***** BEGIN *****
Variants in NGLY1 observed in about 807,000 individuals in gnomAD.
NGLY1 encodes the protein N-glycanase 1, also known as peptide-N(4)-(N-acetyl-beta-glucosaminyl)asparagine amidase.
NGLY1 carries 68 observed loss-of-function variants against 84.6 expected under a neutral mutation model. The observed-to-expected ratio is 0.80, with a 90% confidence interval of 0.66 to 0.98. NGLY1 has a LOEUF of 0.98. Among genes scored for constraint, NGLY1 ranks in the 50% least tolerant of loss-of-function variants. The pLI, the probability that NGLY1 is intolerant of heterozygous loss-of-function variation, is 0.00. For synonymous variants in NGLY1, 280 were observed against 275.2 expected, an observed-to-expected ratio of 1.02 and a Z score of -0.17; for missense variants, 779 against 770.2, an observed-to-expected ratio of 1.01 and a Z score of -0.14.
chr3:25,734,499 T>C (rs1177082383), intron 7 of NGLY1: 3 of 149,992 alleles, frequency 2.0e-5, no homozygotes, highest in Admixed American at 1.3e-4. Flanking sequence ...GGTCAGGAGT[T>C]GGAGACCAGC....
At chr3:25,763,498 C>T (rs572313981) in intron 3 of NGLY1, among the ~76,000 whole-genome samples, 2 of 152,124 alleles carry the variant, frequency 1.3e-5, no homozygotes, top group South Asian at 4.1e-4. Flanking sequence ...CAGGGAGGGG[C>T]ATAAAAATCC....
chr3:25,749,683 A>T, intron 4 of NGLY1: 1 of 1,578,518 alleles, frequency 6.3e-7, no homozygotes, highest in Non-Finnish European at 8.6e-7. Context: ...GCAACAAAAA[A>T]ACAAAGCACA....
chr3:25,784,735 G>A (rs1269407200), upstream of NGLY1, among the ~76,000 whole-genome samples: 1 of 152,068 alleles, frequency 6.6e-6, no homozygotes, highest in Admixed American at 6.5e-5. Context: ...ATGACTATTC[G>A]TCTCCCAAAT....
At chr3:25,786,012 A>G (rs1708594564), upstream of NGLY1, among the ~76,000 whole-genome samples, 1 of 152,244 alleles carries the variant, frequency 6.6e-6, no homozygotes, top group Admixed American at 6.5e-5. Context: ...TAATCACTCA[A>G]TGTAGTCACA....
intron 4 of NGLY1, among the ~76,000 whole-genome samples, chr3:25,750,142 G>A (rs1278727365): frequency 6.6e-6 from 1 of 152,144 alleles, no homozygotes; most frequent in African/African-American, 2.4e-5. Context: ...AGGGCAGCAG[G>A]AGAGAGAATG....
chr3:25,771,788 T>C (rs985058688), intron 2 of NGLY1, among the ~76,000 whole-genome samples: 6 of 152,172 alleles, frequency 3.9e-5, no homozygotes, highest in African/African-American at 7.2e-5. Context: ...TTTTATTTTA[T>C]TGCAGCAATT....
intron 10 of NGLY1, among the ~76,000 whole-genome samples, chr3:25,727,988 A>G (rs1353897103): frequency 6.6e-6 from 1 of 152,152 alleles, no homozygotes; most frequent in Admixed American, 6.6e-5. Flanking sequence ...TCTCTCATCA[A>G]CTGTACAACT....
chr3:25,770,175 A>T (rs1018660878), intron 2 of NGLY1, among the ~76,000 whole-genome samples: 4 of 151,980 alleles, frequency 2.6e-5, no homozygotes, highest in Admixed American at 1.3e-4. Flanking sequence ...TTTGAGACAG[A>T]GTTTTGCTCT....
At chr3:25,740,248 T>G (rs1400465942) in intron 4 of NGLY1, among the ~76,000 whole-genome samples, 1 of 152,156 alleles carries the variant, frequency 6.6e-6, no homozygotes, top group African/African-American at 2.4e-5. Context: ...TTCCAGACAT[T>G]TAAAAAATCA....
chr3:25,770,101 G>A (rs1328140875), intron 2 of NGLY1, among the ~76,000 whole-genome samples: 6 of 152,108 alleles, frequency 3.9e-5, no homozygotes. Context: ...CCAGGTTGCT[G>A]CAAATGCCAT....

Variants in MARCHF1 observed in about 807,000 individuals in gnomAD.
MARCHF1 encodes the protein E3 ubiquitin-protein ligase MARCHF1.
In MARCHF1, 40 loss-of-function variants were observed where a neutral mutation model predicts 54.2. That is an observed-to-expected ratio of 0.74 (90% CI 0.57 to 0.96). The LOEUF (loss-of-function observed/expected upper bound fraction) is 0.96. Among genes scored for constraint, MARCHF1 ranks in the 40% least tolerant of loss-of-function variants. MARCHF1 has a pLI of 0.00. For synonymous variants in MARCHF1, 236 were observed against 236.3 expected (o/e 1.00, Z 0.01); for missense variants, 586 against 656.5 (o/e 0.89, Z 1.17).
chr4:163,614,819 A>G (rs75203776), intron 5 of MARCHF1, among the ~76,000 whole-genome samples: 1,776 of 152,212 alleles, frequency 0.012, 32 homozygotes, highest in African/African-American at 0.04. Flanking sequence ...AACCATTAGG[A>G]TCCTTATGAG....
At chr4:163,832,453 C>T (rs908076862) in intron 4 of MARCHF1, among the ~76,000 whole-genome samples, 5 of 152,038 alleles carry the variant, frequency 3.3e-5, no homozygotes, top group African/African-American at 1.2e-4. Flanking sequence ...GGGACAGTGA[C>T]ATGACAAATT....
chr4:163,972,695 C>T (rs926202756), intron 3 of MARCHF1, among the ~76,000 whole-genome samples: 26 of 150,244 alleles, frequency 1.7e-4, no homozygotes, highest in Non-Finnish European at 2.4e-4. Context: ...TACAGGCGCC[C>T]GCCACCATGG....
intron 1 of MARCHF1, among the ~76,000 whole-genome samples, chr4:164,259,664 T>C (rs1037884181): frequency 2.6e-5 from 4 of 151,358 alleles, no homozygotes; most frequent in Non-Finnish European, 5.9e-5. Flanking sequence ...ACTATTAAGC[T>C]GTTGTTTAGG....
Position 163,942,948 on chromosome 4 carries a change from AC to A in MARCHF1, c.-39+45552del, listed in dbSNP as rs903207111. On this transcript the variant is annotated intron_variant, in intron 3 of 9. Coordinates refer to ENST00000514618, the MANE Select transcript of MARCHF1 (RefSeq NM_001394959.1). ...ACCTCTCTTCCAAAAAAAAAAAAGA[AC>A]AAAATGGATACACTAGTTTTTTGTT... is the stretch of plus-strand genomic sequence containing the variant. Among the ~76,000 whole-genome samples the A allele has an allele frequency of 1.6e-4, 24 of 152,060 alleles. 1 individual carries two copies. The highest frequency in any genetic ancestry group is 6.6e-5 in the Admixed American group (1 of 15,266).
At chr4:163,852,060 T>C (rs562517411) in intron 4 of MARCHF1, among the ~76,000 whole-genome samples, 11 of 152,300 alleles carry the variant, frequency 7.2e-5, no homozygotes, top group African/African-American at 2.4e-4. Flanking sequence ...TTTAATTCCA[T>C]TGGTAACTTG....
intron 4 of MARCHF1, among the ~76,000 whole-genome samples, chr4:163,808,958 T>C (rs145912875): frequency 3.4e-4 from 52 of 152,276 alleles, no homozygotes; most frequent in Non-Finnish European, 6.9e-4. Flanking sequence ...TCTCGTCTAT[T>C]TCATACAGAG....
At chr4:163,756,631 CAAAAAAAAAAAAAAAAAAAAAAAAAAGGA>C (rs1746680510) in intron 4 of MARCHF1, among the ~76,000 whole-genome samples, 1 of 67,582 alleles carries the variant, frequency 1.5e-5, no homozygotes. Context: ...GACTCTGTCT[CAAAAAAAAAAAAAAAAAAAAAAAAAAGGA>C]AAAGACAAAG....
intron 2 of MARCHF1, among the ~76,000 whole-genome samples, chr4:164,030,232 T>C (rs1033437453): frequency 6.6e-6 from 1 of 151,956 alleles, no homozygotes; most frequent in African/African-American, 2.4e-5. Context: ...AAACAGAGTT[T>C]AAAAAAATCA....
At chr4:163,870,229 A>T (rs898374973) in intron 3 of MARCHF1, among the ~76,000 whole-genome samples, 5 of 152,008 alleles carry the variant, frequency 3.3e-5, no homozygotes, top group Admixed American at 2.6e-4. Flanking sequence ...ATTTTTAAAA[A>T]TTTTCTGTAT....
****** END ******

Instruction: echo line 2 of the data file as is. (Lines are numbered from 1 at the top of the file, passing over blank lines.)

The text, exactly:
NGLY1 encodes the protein N-glycanase 1, also known as peptide-N(4)-(N-acetyl-beta-glucosaminyl)asparagine amidase.